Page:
Lessons in Mission…Families
How do you make Missional Communities and Children work together?
There have been countless studies on how children learn, how they interact with information, and how they grow.
One of the themes of this research is that there are three primary environments in which children learn. These are Classroom, Apprenticeship and Immersion:
1) Classroom: The child is taught something by somebody. They listen and then process the information being shared with them.
2)Apprenticeship: The child is shown something by somebody. The child is involved in, and therefore learning from, a process. Information is engaged with, and processed through, implementation, experimentation and application.
3) Immersion: The child experiences and gathers information from the culture, environment or context within which they live.
Sunday morning church kids work is usually 45 minutes, or an hour at best, in the week of a child’s life. There might be activities, object lessons or games to go along with the bible teaching to help the children think through how to apply what they are hearing. It’s a good environment to share information but it’s still a classroom method.
Missional Community on mission together gives children & young people the environment to learn by being part of a community that lives out its faith. They are given the opportunity to be part of a group that looks to share its faith with others that don’t know Jesus. They don’t just attend an event but learn from many different and varied life experiences. They are encouraged to take more responsibility and to participate; to be part of the community – not just to be talked at, but talked with. In a Missional Community context children are not just waiting for adults to define something but shaping and crafting it themselves. They can be involved in, and contribute to, the life of the community.
Children learn by living out their faith – not just learning about their faith from others. They take hold of it for themselves through apprenticeship and immersion – seeing their parents lead, learning how to study the Bible for themselves and sharing Biblical reflections. A Missional Community context necessitates that young people help with younger children, serving and sharing faith together as family.
There are many different ways communities function as they gather. When thinking about appropriate environments for Missional Communities we’ve found it helpful to think through environments which are already natural and normal to families, regardless of whether or not they are Christian.
Three environments all families interact with are:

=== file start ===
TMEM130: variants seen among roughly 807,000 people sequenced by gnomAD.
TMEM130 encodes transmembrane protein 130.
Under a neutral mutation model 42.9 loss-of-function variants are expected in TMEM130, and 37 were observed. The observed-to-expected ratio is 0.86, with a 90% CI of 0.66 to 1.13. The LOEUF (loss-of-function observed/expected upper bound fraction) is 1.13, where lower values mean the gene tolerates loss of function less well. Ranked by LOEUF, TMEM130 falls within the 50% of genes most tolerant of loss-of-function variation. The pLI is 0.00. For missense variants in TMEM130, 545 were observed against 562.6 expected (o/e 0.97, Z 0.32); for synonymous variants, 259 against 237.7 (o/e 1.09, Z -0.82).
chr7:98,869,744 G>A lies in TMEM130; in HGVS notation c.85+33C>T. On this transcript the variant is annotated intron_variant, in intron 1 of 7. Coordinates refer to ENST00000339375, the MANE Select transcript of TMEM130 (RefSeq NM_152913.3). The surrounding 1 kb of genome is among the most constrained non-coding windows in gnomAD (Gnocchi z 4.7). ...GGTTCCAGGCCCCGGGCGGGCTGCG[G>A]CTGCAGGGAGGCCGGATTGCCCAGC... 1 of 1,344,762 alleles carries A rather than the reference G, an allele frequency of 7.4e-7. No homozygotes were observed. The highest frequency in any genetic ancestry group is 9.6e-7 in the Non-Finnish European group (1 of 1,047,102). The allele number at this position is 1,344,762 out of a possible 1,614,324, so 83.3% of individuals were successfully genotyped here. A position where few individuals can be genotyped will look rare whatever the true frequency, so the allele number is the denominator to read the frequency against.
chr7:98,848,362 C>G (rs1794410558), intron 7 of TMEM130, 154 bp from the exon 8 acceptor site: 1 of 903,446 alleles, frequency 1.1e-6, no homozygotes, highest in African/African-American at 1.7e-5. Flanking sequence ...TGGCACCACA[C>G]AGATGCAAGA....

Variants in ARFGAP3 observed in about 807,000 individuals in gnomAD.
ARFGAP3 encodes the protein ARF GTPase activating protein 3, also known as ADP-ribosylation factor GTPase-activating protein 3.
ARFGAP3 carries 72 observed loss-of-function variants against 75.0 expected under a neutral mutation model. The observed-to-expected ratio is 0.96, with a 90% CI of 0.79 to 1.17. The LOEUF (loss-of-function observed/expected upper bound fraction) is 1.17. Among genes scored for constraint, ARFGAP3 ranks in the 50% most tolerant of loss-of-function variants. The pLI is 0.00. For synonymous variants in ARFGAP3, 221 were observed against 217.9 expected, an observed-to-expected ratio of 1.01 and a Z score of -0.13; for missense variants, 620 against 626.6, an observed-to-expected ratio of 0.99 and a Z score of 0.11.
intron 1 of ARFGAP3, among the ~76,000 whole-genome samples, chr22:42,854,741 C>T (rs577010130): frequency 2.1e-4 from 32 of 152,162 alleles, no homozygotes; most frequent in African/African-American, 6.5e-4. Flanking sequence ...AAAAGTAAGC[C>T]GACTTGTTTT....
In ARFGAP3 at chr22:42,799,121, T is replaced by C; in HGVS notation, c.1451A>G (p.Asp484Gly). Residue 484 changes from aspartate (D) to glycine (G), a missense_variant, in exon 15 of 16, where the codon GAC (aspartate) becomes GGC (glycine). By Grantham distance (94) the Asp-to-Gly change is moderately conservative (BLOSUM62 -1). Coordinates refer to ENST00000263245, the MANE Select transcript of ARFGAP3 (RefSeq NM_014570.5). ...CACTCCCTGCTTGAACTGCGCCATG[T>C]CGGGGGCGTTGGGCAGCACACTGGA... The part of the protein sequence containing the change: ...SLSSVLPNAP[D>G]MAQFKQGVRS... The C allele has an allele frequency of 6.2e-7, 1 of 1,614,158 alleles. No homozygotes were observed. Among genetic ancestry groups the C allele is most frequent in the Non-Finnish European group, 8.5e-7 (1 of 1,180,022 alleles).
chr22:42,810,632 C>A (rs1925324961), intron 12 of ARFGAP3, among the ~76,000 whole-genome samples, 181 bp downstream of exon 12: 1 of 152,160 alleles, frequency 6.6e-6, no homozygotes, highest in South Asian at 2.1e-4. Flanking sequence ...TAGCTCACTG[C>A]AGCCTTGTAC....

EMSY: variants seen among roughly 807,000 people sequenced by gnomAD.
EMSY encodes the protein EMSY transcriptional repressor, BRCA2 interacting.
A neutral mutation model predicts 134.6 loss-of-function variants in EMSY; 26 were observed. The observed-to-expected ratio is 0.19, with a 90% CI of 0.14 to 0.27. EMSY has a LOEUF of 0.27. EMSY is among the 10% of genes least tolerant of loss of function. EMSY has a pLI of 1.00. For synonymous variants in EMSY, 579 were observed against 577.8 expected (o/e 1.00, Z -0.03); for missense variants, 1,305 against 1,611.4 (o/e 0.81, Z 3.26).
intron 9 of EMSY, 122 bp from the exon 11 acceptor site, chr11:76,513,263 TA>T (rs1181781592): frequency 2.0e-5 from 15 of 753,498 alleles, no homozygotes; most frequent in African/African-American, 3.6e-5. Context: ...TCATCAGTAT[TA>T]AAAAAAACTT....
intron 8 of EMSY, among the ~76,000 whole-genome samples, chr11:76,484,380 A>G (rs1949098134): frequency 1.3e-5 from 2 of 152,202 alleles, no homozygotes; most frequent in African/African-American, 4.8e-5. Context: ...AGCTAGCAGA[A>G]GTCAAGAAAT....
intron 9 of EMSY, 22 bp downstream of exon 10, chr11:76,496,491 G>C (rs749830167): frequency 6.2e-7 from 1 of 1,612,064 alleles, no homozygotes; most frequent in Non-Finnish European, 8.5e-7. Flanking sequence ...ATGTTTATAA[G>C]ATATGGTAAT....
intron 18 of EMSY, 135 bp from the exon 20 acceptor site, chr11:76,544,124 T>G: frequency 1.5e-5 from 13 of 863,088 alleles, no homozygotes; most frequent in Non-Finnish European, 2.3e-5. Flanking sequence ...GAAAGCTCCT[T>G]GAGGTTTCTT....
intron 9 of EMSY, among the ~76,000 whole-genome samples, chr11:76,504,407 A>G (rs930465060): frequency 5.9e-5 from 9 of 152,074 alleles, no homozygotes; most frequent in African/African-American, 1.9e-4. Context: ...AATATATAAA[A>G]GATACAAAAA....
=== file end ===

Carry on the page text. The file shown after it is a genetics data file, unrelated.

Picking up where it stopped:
1) The Educational environment (i.e school, nursery)
This is where the parents & children are learning together. We encourage families and extended families (Missional Communities) to think about rhythms of family prayer, worship and study. One of our family Missional Communities had gatherings where they took a bible passage and the children & young people came up with a drama, craft and teaching lesson from what they’d learnt and then shared with the adults. Even the non-christians kids loved it!! Lots of applause and good conversations followed.
2) The Coffee Shop environment (i.e. Starbucks, restaurants)
This is an adult environment with children present – tables, papers and coffee with activities in the room. This environment encourages the informal relationships and interactions between children, parents and the extended family. One of our geographic Missional Communities does this as an access point for non-Christians with prayer cards and opportunities for conversations on the tables.
3) The Party dynamic (i.e. birthdays)
This is an environment where parents serve the kids – everything is set up for the kids to have a great time together – noise, mess, chaos, games, fun………sweets!! This is a great way to really help relationships & their faith come alive because if there’s one thing kids can do it’s have fun!! This is also an environment where non-Christian parents and children can engage – enjoying the experience.
The imperative of parents taking the responsibility as primary disciplers of their children, and doing this in the context of a Missional Community, has become foundational at St Thomas’ Church, Philadelphia.
Our different Missional Communities use many of these dynamics as they gather and disciple their children, rather than abdicate to the children’s workers or doing a smaller version of Sunday school in a side room whilst the adults gather. The central Children’s Ministry is set up to resource the communities – in prayer, training, and resources – so that families can express their faith locally in community.
The synergy that comes from both a Sunday celebration (with central ministry resourcing) and a Missional Community lifestyle for discipleship of children is a dynamic that works for both parents & children. They are able to grow not only in relationship with God but also with each other as they learn, together, how to be a family of missional disciples.
What have you done that has worked well with the children in your MC?
Rich Robinson is a Director of 3dm UK and is the Missional Communities Team Leader at Network Church Sheffield where he has been involved in pioneering, planting and leading Missional Communities for over 12 years. He and his wife Anna have 3 wonderful young children.